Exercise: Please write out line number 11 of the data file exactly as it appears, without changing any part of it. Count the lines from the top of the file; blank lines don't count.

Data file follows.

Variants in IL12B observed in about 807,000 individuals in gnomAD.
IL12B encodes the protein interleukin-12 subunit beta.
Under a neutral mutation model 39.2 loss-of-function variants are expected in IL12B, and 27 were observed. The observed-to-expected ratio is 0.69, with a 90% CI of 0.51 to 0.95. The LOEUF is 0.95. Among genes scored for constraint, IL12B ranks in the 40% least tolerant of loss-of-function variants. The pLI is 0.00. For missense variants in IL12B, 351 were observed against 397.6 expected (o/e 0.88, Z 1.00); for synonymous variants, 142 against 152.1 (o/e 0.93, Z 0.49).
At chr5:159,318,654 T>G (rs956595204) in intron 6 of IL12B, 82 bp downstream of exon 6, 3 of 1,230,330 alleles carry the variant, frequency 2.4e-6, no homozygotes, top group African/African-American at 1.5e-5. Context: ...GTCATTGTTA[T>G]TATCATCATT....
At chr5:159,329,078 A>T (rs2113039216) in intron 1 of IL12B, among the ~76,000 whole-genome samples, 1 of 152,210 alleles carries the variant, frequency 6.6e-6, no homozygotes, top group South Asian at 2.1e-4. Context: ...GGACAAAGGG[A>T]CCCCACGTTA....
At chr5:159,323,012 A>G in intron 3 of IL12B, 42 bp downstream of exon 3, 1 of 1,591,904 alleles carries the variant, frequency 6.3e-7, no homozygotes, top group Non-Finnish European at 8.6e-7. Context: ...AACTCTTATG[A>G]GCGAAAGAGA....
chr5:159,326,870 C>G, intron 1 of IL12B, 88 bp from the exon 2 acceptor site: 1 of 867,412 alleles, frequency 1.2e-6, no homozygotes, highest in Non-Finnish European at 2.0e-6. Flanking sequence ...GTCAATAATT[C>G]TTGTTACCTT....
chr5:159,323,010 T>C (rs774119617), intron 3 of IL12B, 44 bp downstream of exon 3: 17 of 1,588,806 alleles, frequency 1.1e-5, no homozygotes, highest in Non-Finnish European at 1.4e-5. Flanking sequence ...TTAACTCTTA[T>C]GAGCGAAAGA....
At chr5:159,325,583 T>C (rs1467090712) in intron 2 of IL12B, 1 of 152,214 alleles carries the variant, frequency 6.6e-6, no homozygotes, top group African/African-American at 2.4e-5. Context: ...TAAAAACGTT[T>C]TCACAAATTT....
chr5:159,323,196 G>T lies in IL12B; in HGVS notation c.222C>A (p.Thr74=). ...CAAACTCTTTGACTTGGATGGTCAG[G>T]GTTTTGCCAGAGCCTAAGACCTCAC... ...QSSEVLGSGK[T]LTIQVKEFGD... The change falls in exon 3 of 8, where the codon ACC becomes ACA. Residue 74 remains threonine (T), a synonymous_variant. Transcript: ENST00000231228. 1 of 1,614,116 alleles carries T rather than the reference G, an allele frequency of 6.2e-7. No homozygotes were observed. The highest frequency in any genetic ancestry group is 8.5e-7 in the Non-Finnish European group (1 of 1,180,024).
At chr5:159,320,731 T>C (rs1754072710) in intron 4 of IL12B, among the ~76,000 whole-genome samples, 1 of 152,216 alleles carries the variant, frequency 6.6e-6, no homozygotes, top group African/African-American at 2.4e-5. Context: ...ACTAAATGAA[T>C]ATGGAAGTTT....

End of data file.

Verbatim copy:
At chr5:159,320,731 T>C (rs1754072710) in intron 4 of IL12B, among the ~76,000 whole-genome samples, 1 of 152,216 alleles carries the variant, frequency 6.6e-6, no homozygotes, top group African/African-American at 2.4e-5. Context: ...ACTAAATGAA[T>C]ATGGAAGTTT....